Scientists – and economists – should avoid being prisoners of present knowledge, says former FAO agricultural economist Andrew MacMillan.
It is strange how many good ideas, when they are first advanced, are ridiculed and dismissed by the establishment but somehow eventually gain respectability and enter mainstream thinking.
This is essentially what happened when people questioned the wisdom of frequent ploughing in arable farming and started to experiment with sowing crops without ploughing in the 1970s. They showed that zero tillage improved infiltration and retention of rainfall, raised soil organic matter content, reduced water and wind erosion and sustained crop yields while cutting labour and farm machinery operating costs.
More recently, with rising concerns over climate change, it is found that zero tillage raises soil carbon levels and reduces greenhouse gas emissions.
Not surprisingly, given the role the plough has played for at least two millennia in increasing the productivity of farm labour and extending cropped areas, the idea that crops could be successfully sown without soil inversion triggered much scepticism. Research institutes distanced themselves from the concept and it was left to farmers, NGOs and a few scientists to show that it could work.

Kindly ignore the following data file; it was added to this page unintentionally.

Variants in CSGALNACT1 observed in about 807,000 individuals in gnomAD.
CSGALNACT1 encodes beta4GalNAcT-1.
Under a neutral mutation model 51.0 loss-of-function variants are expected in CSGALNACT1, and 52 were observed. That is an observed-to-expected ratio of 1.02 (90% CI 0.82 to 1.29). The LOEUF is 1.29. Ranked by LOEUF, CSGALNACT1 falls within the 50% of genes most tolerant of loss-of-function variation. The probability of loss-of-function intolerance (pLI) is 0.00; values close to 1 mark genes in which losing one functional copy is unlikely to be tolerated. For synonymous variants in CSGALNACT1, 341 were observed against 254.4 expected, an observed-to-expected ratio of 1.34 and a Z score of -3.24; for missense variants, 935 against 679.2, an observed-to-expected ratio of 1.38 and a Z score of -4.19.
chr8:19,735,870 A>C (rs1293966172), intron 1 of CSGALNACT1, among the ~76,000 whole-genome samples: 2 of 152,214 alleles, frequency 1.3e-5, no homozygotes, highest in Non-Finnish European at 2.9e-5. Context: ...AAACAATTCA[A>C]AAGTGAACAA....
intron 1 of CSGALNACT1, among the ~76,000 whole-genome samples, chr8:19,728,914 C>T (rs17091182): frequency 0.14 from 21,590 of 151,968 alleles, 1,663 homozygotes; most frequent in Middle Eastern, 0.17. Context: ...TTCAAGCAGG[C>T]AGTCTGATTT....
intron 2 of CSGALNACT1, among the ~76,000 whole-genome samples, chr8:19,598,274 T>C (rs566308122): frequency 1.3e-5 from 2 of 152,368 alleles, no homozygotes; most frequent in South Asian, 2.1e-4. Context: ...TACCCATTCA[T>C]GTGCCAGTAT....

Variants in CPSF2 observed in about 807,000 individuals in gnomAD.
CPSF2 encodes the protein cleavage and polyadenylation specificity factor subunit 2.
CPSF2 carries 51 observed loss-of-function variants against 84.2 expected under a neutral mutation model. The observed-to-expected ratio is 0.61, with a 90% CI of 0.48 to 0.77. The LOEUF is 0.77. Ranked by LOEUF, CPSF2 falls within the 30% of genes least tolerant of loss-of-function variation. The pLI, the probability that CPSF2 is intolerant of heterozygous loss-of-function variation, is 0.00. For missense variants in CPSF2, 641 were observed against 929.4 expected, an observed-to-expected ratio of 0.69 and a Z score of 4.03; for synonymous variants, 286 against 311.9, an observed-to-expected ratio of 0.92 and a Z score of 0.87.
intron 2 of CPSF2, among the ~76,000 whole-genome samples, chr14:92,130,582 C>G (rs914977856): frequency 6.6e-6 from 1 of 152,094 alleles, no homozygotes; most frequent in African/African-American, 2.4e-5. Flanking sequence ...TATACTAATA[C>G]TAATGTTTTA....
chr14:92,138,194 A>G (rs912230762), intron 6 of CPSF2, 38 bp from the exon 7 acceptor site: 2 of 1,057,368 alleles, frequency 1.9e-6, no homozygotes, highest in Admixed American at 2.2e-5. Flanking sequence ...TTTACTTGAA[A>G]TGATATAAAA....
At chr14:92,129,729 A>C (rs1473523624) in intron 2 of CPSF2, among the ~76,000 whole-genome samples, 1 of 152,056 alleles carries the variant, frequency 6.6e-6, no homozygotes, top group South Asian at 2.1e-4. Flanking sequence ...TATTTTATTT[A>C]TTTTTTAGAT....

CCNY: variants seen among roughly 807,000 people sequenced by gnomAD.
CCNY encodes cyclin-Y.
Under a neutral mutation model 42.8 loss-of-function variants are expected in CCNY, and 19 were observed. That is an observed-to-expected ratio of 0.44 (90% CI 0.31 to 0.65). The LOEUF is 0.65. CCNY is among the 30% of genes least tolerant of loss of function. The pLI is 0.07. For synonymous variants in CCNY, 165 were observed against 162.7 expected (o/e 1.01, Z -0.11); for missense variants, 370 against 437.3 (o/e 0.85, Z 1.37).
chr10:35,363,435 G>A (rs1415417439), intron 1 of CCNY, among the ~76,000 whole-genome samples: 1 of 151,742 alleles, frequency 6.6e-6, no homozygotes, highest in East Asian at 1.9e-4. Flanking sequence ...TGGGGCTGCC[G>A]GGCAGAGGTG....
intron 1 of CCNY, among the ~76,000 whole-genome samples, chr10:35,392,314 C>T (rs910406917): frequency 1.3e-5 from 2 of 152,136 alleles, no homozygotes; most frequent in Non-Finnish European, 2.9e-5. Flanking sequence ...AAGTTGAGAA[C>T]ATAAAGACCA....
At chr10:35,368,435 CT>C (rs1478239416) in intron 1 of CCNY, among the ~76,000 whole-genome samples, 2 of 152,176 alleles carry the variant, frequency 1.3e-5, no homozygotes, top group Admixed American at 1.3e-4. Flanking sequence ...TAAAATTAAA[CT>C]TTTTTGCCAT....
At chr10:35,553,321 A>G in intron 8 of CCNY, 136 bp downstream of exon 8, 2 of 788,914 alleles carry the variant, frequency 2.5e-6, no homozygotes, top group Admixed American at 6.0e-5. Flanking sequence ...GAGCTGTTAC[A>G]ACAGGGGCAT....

Farmers in the driving seat
Conservation Agriculture (CA), as zero tillage is widely called, is now applied worldwide on well over 100 million hectares. Some of the credit for this is due to three indefatigable British pioneers and promoters, Francis Shaxson, John Landers and Amir Kassam whose achievements have been recognised by OBEs by the UK Honours system. Belatedly, most self-respecting agricultural research institutes now implement CA-related studies!
The System of Rice Intensification (SRI) has followed an equally tortuous path. Experimental work was started in Madagascar in the 1980s by Father Henri de Laulanié, who turned conventional approaches to intensive rice growing on their head. He obtained massive increases in rice yields through combining low density planting of very young seedlings, intermittent watering (rather than puddling), use of organic manures and composts, and good weeding.